Addiction is a growing problem in the United States. Current estimates state that over 20 million Americans over the age of 12 have an addiction — and those addictions don’t even include tobacco. Although many people seek medical and psychological treatment for their addictions, these methods often prove unsuccessful. But one treatment may hold the key to breaking the addictive cycle: ibogaine therapy.
Derived from an African shrub, ibogaine is a substance that has been used for decades. More recently, it’s become more well-known as a treatment to reduce withdrawal symptoms and addictive cravings. Ibogaine is unique in that it can be used to treat many different types of addictions: alcohol, heroin and opioids, cocaine, methamphetamine, and nicotine. Not only can an ibogaine detox be much more bearable, but it can also allow an addict to examine his or her behavioral history and identify the factors that form and feed these addictions.
So why isn’t ibogaine treatment for opiate addiction used more often?
Although it’s used legally in several countries, ibogaine is considered to be an illegal schedule 1 drug in the United States. And while many addicts have reported that their time in ibogaine treatment centers has allowed them to overcome their addictions, this anecdotal evidence is no substitute for measurable scientific data. However, there are ibogaine clinics around the world that allow patients to safely undergo the administration of the drug, despite its risks.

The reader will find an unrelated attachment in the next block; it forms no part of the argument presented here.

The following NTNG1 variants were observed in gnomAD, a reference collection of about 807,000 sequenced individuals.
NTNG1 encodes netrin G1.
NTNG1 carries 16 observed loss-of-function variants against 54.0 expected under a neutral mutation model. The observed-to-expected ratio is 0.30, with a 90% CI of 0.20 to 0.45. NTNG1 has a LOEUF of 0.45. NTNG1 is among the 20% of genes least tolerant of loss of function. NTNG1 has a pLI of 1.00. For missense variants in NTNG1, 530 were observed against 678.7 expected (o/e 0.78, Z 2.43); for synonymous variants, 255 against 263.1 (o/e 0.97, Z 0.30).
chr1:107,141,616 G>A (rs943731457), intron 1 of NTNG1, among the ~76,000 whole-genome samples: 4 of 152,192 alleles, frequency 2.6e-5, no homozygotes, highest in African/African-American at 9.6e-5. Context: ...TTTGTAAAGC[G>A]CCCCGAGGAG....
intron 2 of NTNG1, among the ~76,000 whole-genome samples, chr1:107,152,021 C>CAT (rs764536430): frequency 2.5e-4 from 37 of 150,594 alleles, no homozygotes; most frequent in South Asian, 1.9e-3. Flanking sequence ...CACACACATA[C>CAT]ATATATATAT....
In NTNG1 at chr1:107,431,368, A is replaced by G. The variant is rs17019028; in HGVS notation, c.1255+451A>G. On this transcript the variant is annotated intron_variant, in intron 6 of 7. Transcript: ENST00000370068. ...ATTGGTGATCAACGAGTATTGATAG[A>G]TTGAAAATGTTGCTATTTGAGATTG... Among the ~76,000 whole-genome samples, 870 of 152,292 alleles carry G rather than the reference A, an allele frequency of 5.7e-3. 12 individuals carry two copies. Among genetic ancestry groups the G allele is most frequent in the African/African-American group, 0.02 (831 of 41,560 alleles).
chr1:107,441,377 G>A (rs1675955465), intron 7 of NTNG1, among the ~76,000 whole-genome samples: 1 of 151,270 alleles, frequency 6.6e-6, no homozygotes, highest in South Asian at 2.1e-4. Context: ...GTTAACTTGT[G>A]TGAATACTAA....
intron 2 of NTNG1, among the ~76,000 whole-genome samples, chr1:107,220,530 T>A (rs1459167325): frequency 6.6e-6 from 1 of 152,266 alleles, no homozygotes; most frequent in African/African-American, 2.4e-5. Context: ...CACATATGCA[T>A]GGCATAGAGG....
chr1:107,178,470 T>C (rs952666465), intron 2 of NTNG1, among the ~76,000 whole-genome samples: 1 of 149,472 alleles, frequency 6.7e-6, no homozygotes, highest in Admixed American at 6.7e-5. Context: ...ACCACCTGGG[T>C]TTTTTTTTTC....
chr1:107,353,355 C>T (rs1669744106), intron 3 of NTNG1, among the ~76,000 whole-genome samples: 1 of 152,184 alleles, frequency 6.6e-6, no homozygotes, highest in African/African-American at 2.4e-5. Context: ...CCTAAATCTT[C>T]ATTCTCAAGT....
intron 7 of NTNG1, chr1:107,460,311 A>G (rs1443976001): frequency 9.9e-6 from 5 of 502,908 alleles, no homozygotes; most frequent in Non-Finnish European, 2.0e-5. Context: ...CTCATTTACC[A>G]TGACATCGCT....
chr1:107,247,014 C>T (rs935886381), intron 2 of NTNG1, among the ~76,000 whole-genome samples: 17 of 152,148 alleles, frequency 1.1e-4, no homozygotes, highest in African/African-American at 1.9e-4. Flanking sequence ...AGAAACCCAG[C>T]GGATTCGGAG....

What are some of the risks of getting help at an ibogaine treatment center?
It’s difficult to gauge the risk of ibogaine due to the lack of research data on its use. In 2007, one research group found that fatalities occur at a rate of every one in 300. Because of this, all patients should have their physical and mental health evaluated prior to undergoing treatment and should seek treatment only at ibogaine treatment centers that are adequately equipped with experienced staff members and life-saving medical equipment. Ibogaine treatment does pose a risk of complications, so vital signs should be monitored at all times during treatment, and clinics should ideally have portable defibrillators on hand.
How do I know if ibogaine is right for me?
If you have a history of cancer, seizures, epilepsy, cerebral palsy, MS, migraines, dementia, cardiac conditions, untreated high blood pressure, IBS, Cron’s, kidney stones, kidney disease, live disease, lung diseases (such as asthma, emphysema, or bronchitis), unmanaged diabetes, strokes, vascular disease, emotional or psychiatric disorders, you should not undergo ibogaine treatment therapy. Pregnant women should also refrain from this treatment. But if you pass your medical evaluation, you should be a good candidate for this treatment. It can free you from addiction in a way that no other treatment can. For all its risks, ibogaine could save your life.